Can anyone provide me with answers for my below questions:
1) Max queues allowed in RabbitMQ?
2) Max messages allowed in a queue in RabbitMQ?
3) Max size of a message in a queue?
4) Does broker creates separate queue for each client? Or just 1 queue until the queue becomes full?
5) How the new queue being created? is it auto created?
6) Does the queue implementing any kind of buffer such as circular buffer?
Basically i am trying to find answers for any opensource MQs. Not only RabbitMQ.
Thousands (or even tens of thousands) of queues should be no problem at all, though each object (e.g., queues, exchanges, bindings, etc) will take up some memory and/or disk space. By default, Erlang will enforce a maximum number of concurrent processes (i.e., lightweight threads) at around 32768 IIRC. Each queue is managed by its own process and each connection can result in several more, so if you're planning on having a very large number of active queues in a single node (?) and using them all at the same time, then you may need to tweak the emulator arguments rabbit passes the VM by setting +P <new limit> to a higher limit.
You're also likely to use up many Gb just with the overhead for each queue / connection pretty fast, so you're going to need a pretty meaty server to handle millions of both. Tens of thousands should be no problem at all, providing they fit into RAM.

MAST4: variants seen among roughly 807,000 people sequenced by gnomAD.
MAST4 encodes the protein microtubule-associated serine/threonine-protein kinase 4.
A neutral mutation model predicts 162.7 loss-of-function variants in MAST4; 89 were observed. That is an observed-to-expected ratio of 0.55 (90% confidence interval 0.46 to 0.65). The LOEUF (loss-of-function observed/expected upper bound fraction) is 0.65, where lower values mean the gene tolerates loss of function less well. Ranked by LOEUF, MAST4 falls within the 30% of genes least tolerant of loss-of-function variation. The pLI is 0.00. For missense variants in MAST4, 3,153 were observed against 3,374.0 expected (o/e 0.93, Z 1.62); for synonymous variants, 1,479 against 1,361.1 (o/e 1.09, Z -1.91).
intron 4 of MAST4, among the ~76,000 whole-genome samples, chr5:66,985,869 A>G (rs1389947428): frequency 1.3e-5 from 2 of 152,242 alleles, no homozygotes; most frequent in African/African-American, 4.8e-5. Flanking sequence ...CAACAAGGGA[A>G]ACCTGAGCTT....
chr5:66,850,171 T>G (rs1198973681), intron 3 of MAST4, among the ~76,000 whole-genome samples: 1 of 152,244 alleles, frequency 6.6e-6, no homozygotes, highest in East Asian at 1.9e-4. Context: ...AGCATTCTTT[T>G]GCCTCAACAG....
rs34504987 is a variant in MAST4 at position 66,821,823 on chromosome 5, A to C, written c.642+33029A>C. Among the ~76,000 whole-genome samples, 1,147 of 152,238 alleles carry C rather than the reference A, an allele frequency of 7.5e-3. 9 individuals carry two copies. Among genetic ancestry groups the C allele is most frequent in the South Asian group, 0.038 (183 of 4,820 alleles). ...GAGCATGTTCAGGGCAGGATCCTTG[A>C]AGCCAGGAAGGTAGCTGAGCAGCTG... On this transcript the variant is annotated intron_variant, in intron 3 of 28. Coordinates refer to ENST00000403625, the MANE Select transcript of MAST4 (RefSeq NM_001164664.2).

> 2) Max messages allowed in a queue in RabbitMQ?
There is no limit to the number of messages in a queue (and we frequently see hundreds of thousands and even millions of enqueued messages discussed on this mailing list), although each message will take up some amount of memory (which varies depending on whether the message is persistent or transient, whether or not it has been paged to disk anyway to prevent memory overload, etc) and queue response times may vary depending on size.
> 3) Max size of a message in a queue?
Although there is no max message size enforced by rabbit, messages *must* be able to fit into the available memory. Using 32-bit Erlang, 536870911 bytes is maximum binary size, which with 64-bit it's 2305843009213693951 bytes. This seems unlikely to bite you (no pun intended), and you're likely to bump into other system limits first I would've thought.